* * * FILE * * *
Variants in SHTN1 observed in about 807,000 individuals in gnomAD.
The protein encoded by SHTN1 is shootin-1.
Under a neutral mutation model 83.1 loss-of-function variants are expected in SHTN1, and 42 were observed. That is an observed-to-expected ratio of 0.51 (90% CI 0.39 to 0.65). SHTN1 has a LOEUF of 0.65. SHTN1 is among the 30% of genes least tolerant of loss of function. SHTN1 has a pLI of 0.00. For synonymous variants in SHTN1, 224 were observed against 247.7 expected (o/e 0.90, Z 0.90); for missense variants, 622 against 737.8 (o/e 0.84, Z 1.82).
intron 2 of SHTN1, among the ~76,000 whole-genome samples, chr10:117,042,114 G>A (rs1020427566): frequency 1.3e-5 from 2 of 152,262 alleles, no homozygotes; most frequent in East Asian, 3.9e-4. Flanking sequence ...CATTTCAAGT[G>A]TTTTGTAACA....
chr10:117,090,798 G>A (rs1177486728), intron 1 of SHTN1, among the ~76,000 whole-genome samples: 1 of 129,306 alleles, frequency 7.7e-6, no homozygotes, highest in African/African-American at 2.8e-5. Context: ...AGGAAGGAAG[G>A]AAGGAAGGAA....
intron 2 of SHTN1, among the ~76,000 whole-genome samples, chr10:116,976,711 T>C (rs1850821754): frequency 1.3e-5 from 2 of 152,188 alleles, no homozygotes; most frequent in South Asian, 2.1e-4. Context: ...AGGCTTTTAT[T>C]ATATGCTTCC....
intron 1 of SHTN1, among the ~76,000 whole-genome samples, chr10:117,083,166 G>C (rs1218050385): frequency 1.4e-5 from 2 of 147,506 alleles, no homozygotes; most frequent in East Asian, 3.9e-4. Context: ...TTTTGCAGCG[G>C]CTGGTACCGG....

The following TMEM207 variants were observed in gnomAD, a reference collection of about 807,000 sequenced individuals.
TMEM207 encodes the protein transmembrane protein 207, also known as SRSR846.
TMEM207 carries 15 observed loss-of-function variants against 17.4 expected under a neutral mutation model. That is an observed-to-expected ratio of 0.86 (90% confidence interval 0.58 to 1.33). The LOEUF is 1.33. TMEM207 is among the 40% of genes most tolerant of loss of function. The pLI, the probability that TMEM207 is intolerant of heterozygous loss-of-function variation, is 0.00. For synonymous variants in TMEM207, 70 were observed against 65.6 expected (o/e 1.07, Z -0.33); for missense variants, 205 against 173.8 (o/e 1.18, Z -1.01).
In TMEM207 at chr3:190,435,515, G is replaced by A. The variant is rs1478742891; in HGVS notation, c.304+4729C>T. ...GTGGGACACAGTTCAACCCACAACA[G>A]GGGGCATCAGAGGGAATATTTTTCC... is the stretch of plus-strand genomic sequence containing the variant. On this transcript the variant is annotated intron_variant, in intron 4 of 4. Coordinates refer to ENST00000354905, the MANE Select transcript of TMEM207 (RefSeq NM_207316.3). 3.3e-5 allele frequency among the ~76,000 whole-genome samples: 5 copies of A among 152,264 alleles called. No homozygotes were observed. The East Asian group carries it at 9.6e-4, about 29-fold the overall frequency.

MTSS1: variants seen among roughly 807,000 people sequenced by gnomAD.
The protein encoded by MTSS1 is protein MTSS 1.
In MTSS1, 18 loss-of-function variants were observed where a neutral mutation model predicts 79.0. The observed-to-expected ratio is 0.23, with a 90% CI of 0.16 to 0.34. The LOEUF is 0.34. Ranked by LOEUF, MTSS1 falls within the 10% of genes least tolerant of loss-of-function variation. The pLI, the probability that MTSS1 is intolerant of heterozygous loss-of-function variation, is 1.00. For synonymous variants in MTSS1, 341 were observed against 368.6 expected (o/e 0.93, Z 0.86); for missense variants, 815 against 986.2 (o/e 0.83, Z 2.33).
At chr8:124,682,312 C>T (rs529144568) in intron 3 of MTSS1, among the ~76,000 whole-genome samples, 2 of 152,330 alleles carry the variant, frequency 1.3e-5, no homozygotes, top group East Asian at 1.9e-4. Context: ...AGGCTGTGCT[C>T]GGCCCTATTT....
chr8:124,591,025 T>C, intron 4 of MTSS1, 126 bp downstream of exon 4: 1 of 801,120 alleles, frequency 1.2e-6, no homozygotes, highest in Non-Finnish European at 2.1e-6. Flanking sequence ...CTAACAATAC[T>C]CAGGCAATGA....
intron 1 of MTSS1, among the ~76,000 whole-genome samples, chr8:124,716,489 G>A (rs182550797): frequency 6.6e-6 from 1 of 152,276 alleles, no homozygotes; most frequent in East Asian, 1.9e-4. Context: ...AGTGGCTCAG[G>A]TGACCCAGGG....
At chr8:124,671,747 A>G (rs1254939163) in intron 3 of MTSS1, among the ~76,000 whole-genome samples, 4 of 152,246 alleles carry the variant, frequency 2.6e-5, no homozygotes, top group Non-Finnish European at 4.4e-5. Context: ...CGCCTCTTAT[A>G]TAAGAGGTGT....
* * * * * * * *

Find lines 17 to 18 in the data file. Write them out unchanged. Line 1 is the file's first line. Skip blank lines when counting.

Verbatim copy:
intron 1 of MTSS1, among the ~76,000 whole-genome samples, chr8:124,716,489 G>A (rs182550797): frequency 6.6e-6 from 1 of 152,276 alleles, no homozygotes; most frequent in East Asian, 1.9e-4. Context: ...AGTGGCTCAG[G>A]TGACCCAGGG....
At chr8:124,671,747 A>G (rs1254939163) in intron 3 of MTSS1, among the ~76,000 whole-genome samples, 4 of 152,246 alleles carry the variant, frequency 2.6e-5, no homozygotes, top group Non-Finnish European at 4.4e-5. Context: ...CGCCTCTTAT[A>G]TAAGAGGTGT....